For a 5N-digit base-2N positive integer X, determine the probability (in terms of N) that X contains each of the digits from 0 to 2N-1 at least twice but at most thrice.
Note: N is a positive integer ≥ 2, and X does not contain any leading zero.
Without all the corrections, the solution is as follows:
1) Ignore (initially) the requirement that the leading digit cannot be zero.
a) Then, the total number of all possible numbers is (2N)^(5N)
b) Half of the 2N digits must appear twice, and the other half must appear three times. The N digits that appear three times can be selected in C(2N,N) different ways.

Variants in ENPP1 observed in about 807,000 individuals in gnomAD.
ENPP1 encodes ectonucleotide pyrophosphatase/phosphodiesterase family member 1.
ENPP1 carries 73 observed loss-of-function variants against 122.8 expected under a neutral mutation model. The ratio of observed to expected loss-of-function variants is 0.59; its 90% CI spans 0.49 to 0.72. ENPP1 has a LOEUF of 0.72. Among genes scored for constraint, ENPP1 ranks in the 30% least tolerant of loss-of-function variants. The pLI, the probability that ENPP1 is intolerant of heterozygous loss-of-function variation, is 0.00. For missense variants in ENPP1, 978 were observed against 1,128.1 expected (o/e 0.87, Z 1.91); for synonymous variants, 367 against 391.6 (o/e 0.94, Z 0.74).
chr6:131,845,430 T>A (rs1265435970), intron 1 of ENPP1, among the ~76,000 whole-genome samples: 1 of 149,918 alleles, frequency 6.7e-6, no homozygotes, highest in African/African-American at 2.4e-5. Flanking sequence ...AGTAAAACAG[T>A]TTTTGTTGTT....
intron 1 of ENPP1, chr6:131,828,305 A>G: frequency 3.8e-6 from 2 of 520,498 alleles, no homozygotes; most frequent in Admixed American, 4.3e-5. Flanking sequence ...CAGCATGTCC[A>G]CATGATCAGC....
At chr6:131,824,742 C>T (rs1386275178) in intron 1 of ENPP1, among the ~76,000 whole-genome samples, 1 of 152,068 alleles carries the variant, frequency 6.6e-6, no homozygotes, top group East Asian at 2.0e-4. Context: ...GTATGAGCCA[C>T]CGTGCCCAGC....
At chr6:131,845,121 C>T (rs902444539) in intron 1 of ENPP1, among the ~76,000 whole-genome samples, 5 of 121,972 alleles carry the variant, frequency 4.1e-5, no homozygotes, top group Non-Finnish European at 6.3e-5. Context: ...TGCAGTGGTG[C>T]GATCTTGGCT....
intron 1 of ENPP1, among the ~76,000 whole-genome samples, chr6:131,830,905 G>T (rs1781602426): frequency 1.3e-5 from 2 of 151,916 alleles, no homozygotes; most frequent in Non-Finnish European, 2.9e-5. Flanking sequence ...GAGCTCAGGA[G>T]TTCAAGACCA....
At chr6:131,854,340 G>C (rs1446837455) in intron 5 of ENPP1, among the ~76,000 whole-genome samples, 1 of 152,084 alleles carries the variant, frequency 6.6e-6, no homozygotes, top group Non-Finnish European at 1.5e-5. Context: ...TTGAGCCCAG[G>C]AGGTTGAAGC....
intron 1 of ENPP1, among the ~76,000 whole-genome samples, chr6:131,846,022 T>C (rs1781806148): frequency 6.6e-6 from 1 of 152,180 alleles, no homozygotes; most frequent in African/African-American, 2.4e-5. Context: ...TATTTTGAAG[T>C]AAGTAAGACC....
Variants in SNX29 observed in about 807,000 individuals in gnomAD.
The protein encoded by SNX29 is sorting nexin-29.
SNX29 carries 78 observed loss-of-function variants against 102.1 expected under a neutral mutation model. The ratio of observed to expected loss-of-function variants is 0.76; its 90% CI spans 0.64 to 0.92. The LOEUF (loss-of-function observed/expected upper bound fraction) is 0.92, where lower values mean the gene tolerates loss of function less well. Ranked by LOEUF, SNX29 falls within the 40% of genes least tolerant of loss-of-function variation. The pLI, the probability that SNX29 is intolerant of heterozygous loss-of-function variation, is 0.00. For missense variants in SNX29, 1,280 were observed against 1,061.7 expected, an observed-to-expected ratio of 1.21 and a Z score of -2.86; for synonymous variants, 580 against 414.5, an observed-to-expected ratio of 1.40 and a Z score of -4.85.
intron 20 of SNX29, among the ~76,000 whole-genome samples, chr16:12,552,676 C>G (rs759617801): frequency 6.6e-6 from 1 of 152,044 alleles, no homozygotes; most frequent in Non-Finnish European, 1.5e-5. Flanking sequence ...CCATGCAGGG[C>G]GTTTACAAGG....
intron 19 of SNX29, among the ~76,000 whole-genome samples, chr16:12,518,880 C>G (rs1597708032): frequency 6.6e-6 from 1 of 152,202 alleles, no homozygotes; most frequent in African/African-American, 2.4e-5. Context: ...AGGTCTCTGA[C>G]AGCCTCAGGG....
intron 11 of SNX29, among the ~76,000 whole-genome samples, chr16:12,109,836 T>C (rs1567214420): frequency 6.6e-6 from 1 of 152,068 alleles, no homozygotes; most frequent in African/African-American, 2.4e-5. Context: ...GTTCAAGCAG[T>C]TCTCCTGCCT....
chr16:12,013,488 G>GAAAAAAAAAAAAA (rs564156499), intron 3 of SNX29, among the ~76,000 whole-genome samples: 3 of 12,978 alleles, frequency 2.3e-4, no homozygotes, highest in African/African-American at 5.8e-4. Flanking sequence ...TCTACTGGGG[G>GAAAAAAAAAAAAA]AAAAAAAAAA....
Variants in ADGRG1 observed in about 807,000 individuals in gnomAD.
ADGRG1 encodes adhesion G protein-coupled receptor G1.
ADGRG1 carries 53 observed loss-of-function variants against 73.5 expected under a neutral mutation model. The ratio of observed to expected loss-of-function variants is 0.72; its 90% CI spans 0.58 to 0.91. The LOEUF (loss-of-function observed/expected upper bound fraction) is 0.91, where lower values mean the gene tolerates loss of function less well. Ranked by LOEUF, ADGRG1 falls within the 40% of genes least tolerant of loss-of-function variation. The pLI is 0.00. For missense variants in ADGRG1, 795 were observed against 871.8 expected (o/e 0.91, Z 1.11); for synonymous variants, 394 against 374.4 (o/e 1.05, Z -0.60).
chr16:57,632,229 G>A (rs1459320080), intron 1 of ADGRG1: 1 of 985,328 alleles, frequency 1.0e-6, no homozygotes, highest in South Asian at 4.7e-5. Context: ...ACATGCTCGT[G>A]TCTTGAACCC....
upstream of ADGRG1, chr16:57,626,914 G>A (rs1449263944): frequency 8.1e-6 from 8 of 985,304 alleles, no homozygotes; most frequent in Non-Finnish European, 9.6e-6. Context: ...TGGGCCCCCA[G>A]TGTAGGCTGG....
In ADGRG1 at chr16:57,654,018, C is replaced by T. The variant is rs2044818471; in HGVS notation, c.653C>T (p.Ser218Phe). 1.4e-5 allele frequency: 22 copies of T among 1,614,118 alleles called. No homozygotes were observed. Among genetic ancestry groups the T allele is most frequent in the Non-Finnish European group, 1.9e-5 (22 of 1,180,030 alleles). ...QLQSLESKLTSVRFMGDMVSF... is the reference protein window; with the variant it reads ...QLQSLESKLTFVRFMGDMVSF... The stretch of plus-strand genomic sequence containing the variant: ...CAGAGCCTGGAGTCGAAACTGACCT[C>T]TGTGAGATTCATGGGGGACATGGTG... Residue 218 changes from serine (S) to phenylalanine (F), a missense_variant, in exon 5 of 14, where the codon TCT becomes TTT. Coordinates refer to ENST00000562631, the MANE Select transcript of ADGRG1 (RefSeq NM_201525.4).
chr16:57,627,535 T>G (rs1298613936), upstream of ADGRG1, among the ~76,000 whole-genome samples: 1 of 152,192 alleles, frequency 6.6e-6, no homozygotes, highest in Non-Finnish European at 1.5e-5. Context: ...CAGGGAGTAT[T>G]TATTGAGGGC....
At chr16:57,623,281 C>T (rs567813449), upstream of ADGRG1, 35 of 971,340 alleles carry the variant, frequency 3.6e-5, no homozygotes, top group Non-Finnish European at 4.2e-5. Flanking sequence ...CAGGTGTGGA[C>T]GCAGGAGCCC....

c) And how many ways can the digits (0,0,1,1,...N,N) Union ((N+1),(N+1),(N+1),(N+2), ... 2N, 2N, 2N) be arranged?
It is (5N)!/(2!)^N*(3!)^N = (5N!)/12^N
d) Putting it all together,
the numerator is C(2N,N) * ((5N!)/12^N),
the denominator is ((5N)^(2N)),
and the desired probability is
C(2N,N) * ((5N!)/12^N) / ((5N)^(2N))
2) The requirement that the leading digit cannot be zero reduces both the numerator and the denominator by the same percentage, (2N-1)/N. Thus the original formula given above, C(2N,N) * ((5N!)/12^N) / ((5N)^(2N)), is also correct if the leading digit cannot be zero.
Edited on June 22, 2010, 4:03 pm